Customers will log-in on a hotel website to make a reservation which will require them to provide debit or credit card details. These details could be compromised in the event of a data breach. Payment transactions can also remain exposed for a while on computer systems which presents further opportunity. In 2017 hotels accounted for 92% of all point of sale intrusions.

WiFi

The wi-fi in some hotels can be relatively insecure if their cyber security processes and procedures are not as robust as they should be. This can also lead to their data being compromised.

Symantec released a report this week which revealed that 67% of hotel websites surveyed leaked customer’s booking data. This was over 1500 hotel websites in 54 countries , this equates to two in three websites data could be used by third party sites such as advertisers.

https://www.symantec.com/blogs/threat-intelligence/hotel-websites-leak-guest-data

Supply Chain

Hotels relies on a supply chain which can include a number of contractors, broking and travel agencies . If there is a vulnerability with one of these it is possible that the hotel may be impacted by this causing business interruption or a data loss.

An Attractive Sector

This sector is a target because of the size of the market and the revenue that is generated each year, this provides opportunists threats for cyber criminals and the proliferation of fraud.

Cyber Attacks on the Hotel Industry

There have been a number of high profile cyber attacks on hotels where hackers have sought to steal data or cause disruption to the business.

Marriot International Hotels 

This is the largest data breach in this sector but also one of the largest in the world.

500 million guests were exposed to this cyber attack which included names and addresses and passport numbers. The attack emanated from the Starwood guest reservation database with who they had recently merged.Starwood themselves had previously experienced a data breach a number of years earlier.

https://www.telegraph.co.uk/technology/2018/11/30/private-data-500-million-marriott-guests-exposed-massive-breach/

Hyatt Hotels Corp

Hackers hit the restaurants front desks and parking facilities at 40% of their hotels situated around the world over a four month period.

It is understood that malware was designed to collect cardholder names, numbers and expiration dates.

Hilton Worldwide

Access was gained via the payment card system but on this occasion their was no evidence that data was stolen. The systems were in fact attack twice , cardholder details were again the main target.

As with all business that rely heavily on business via on-line transactions their cyber risk is very high and it is important that cyber risk management is a central focus to management.

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Sign Of The GDPR Fines To Come…?

GDPR Fines

It was announced last week that the credit reference agency Equifax has been fined by the ICO in  the sum  of £500,000 as a result of failing to protect the personal data of 15 million UK citizens and 146 million in the US during the 2017 data breach.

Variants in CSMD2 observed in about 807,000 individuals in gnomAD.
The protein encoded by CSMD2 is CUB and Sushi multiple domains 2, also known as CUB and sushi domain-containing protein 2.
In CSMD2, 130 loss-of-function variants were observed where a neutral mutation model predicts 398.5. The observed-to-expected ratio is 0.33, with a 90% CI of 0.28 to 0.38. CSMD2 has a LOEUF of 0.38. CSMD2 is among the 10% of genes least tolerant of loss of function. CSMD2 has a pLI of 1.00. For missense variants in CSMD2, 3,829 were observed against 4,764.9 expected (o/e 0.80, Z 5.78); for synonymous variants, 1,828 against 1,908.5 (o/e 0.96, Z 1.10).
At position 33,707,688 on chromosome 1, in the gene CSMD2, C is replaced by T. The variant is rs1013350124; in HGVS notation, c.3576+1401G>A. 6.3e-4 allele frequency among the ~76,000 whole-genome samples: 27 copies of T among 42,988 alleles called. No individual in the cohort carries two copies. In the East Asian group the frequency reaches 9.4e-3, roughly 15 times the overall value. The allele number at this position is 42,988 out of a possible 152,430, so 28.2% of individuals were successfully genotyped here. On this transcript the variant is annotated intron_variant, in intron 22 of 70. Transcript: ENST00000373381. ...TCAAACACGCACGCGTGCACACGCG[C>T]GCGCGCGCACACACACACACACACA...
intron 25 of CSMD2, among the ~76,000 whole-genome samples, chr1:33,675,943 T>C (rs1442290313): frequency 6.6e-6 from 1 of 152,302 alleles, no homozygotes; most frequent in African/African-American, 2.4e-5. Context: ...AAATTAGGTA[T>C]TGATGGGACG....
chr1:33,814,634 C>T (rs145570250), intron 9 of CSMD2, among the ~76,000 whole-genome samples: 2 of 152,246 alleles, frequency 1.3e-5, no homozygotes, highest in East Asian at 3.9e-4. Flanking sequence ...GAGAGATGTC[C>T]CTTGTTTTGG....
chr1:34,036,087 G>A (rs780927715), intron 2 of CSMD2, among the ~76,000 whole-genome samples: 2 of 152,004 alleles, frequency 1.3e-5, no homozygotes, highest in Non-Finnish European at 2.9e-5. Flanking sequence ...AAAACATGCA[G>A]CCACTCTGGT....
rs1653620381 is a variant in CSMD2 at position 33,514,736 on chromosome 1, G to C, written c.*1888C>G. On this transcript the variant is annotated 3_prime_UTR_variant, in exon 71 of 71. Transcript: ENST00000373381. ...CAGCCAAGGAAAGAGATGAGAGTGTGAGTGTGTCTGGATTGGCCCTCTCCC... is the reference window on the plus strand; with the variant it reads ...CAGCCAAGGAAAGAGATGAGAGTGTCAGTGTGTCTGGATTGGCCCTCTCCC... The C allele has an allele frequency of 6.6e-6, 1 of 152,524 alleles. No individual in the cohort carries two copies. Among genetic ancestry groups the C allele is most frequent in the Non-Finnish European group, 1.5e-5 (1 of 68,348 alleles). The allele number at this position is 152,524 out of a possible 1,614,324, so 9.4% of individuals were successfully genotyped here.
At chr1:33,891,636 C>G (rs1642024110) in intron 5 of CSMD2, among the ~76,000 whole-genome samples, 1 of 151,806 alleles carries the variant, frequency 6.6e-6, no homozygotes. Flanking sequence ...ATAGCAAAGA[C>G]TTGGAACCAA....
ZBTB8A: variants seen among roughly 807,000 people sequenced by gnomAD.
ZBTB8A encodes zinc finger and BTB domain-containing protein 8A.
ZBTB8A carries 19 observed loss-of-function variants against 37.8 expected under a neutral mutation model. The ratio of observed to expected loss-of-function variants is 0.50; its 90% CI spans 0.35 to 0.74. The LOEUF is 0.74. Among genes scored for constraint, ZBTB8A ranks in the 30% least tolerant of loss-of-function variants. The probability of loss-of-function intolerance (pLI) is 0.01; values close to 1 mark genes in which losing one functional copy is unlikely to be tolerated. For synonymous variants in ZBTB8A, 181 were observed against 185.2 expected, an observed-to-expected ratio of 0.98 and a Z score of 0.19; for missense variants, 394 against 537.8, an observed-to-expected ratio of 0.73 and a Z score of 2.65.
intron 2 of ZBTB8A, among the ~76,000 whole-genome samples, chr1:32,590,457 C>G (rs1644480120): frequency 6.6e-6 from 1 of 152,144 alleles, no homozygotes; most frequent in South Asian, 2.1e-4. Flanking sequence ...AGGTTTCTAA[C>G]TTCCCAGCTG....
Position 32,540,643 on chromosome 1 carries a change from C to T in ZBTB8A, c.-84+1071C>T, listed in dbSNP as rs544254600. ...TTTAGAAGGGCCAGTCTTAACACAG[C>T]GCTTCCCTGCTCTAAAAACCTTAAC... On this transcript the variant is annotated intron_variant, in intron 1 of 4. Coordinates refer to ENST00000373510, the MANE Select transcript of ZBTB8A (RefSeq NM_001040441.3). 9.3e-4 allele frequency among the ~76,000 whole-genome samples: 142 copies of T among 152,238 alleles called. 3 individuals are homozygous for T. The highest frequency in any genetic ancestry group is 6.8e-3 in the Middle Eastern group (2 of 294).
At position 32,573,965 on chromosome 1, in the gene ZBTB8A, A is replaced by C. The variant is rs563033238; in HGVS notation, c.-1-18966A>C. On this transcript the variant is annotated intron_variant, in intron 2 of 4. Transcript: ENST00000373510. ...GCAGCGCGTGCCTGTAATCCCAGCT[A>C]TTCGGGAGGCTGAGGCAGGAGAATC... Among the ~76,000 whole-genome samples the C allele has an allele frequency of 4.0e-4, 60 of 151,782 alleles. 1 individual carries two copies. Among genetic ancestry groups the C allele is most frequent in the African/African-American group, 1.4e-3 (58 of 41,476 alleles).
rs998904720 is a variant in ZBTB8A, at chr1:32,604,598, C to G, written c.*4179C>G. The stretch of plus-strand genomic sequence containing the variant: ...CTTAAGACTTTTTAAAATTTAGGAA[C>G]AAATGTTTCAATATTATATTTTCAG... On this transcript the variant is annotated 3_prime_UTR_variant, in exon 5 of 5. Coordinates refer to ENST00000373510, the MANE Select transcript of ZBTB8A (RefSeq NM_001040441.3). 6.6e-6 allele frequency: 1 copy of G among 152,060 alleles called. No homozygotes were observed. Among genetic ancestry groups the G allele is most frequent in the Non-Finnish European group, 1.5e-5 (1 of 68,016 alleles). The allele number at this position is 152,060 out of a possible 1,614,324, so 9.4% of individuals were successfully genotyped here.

http://cyberbrokers.co.uk/equifax-the-anatomy-of-a-data-breach/

The long awaited ICO report found that the UK arm did not have in place the appropriate steps for processing and protecting the personal information of its data subjects.

https://ico.org.uk/about-the-ico/news-and-events/news-and-blogs/2018/09/credit-reference-agency-equifax-fined-for-security-breach

The joint ICO and FCA report highlighted the following :-

  • Data was retained for longer than was necessary
  • Inadequate measures were in place to manage personal information
  • IT security was not of the highest standard with the compromise of data being likely.
  • The US Department of Homeland Security had advised Equifax Inc about a critical vulnerability in 2017
  • Customers data should have been treated in a much higher regard.

The investigation was carried out under the 1998 Data Protection Act as opposed to the recent General Data Protection Regulation (GDPR) that came into force on 25th May this year. The ICO imposed the maximum GDPR fine of £500,000 under the previous Act.

Under the GDPR the ICO has the powers to set a maximum possible fine of 4% of Global turnover of a company the consequences therefore of this data breach could have been much higher should this data breach have occurred post 25th May this year.

The approach by the ICO to GDPR fines and the imposing of these to businesses who are responsible for data breach is still very much unknown as the climate remains untested and only time will tell how this is imposed and to its possible severity. The Equifax fine does suggest that the ICO will be treating such data breaches very seriously and will wish to demonstrate that the new legislation does have “teeth” and that they will act accordingly.

 

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Is Our Data Safer Under GDPR?

GDPR

Now that GDPR is in force will this make our data safer…..

The volumes of data running through businesses in the UK is difficult to visualise and practically impossible to safeguard so will GDPR actually make any difference to our data being better protected? The chances are that it will be but the same inherent threats will still exist.

So what are these threats ?

1.Businesses that have not yet complied with GDPR

In the the run up to GDPR a number of reports indicated that many business were behind in achieving the required standards expected there is therefore a danger that firms are still very much behind the curve in meeting the GDPR standards.

2.Inability to restore data

In the event of a compromise of personal data it will be important that a businesses can restore data by having the appropriate back-ups in place if this is not possible this will impact on their business confidence and reputation.